"" Writer's Wanderings: Exploring Biltmore--Part Four

Sunday, January 07, 2024

Exploring Biltmore--Part Four

 Our tour of Biltmore took us up to the second floor and down to the "basement" or the area that had a hallway in it that showed how the foundation of the house looked. Up and down involved the Grand Staircase as well. As we were coming down at one point in our tour, a private tour was headed up to the third floor which was not open to us. At least I'm pretty sure we were never on the third floor. We wandered up and down for two hours. Definitely a place you could get lost in.

In the lower level, we passed through the corridor of layered stone that made up the foundation of the mansion. Even here, there was a bit of Christmas with a wreath that hung at the end of the corridor.

The hallway led us to the bowling alley. Yes, bowling. There were no automated pin setters back then so one of the servants had to manually reset the pins and return the ball. I was surprised that there wasn't a rack of sorts to rack up the pins but with further research, I learned that mechanical pinsetters like the ones I remembered at the old Colonial at Put In Bay, Ohio weren't invented until the 1940s. We kids used to love coaxing the older kids who were hired to set pins to let us do it. You put pins in the rack and pushed a large horizontal lever that put the pins on the alley where they belonged.

Next we walked around the indoor pool. It was really deep and had a diving platform at one end. There were ropes that hung along the side to hold onto if you got tired trying to swim from one end to the other. Just before entering the pool area, there was a row of dressing rooms, some for ladies, others for gentlemen. The ladies had no mirror in the room due to the fact that their lady's maid would dress her and fix her hair.

Next up was the gym or did they call it the fitness center? Whatever, there was a lot of recognizable equipment and some, not to much. The rowing machine was obvious.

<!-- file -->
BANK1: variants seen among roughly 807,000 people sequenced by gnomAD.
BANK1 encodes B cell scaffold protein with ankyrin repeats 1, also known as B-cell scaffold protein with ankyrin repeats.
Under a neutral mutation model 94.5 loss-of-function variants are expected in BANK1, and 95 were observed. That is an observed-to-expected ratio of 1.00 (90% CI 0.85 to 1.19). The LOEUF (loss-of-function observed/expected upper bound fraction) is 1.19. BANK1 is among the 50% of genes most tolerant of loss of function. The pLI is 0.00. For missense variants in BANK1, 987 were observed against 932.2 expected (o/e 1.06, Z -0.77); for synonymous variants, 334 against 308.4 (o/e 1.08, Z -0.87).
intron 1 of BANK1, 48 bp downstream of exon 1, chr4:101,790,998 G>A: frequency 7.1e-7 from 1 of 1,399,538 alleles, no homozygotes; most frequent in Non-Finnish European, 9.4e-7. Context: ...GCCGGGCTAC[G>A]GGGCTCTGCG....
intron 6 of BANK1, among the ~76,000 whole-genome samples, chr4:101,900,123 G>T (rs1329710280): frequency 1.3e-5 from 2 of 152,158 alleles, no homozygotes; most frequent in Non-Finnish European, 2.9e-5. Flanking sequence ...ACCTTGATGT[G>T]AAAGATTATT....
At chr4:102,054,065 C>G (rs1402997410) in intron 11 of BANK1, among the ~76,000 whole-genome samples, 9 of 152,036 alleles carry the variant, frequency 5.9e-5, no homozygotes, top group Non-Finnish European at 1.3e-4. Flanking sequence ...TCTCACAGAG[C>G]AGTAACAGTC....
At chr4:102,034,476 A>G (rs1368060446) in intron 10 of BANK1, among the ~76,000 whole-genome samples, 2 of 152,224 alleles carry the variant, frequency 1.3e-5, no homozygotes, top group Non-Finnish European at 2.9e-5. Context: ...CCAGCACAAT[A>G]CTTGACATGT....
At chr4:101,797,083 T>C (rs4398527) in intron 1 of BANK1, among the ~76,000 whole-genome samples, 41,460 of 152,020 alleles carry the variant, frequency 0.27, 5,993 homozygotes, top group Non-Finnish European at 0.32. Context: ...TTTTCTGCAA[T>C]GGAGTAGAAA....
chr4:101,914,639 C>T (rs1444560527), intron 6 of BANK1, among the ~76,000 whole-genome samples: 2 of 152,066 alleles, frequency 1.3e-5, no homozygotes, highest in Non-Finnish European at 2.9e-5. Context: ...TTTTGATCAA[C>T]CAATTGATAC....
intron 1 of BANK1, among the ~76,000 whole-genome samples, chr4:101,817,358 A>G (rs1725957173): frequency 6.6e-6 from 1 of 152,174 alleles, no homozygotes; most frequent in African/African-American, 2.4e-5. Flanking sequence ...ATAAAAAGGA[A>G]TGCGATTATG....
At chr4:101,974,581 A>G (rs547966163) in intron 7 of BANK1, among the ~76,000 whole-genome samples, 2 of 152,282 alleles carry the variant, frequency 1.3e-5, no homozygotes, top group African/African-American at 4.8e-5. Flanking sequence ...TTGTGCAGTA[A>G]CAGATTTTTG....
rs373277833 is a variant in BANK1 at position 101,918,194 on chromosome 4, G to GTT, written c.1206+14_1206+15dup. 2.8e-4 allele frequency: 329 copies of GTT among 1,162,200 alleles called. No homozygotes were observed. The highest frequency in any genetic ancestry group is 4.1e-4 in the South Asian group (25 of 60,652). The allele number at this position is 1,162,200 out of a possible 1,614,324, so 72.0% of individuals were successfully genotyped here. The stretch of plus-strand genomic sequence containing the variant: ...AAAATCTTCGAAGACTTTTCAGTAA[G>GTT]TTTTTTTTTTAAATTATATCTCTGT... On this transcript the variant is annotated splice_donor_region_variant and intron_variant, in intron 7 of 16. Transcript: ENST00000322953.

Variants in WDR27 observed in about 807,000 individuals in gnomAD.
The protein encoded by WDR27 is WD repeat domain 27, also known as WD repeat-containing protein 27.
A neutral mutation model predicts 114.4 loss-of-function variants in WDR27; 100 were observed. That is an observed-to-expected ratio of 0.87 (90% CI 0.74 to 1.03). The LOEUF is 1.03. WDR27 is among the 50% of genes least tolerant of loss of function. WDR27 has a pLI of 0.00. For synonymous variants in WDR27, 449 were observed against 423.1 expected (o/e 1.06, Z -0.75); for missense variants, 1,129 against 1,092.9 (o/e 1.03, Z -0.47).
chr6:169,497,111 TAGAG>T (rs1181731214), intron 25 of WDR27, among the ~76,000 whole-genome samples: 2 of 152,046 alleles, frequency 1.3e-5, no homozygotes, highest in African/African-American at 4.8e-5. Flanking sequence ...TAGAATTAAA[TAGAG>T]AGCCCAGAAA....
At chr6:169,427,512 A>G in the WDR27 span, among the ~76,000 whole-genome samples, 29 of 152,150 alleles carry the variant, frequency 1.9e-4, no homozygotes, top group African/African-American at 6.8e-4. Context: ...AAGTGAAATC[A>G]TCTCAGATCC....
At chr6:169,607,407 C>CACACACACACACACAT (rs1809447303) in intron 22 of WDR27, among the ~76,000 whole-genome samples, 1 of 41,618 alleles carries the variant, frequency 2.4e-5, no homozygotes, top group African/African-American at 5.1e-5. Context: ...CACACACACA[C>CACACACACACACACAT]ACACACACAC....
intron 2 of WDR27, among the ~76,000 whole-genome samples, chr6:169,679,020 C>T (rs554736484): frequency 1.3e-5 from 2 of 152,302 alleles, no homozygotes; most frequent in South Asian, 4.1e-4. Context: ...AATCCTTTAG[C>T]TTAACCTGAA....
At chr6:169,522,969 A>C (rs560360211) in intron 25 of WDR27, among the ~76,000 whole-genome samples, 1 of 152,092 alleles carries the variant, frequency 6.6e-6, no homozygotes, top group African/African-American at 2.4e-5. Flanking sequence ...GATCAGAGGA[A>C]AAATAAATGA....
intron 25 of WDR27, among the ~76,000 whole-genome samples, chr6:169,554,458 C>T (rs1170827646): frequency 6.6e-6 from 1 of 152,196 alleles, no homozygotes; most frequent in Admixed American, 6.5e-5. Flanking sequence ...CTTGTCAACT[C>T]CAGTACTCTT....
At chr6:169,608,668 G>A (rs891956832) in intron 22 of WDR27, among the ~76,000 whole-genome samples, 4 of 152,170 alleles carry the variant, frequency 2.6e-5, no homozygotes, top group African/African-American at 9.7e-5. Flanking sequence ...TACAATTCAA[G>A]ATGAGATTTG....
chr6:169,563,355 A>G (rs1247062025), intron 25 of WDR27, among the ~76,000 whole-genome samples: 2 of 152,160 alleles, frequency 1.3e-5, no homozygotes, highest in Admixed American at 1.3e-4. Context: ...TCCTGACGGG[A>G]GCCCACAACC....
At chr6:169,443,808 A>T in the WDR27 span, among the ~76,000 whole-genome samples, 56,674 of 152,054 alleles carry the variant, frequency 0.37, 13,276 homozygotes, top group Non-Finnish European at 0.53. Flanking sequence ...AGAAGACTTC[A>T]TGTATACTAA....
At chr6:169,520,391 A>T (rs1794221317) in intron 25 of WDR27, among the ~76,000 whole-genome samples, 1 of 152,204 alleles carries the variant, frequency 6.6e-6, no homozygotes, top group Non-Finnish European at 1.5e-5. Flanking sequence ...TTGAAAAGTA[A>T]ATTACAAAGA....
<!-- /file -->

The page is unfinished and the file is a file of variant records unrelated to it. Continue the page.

Several rooms we passed were for servants and certainly not as lavish as the guest rooms or main bedrooms for the family. The rooms we passed were probably for the kitchen staff since the kitchen was just around the corner. They could just roll out of bed quickly and get breakfast started.

There was a rotisserie kitchen that had a large spit that could hold a lot of chickens or a huge chunk of meat. It actually had a bit of a roasted meat smell in the room. Or maybe I was just getting hungry.

Through the door, we entered the large kitchen with the working stove, large warming cupboards and a huge working station that displayed a perfect replica of the Biltmore mansion in gingerbread. Bob was quite envious. That's his thing each Christmas. 

Just off the kitchen was a small dining room for the serving staff. Obviously they did not all eat at the same time as I'm sure the table wasn't large enough. According to the voice on our audio guide, they also sat around the table according to rank. 

Besides the pantries and a walk in cooling room (refrigerator), the other important rooms here made up the laundry area. A huge tub was used for the larger items like linens. Several sinks lined one wall and that was for hand laundry, those items that were of fine fabric that needed delicate attention. 

In one room, there were drying racks for the bed sheets. They were large drying racks that you would hang the wet sheet on and then push them back into the drying cabinet. There was also a large mangle for the tablecloths, one of which was 35 feet long. Of course there was also an ironing board and what was said to be a very heavy iron.

Toward the end of our tour as we explored the smoking room and as we were about to exit, we found an open door to the banquet hall that offered one more stunning look at the elegant room. 

Yup, I was ready for lunch.

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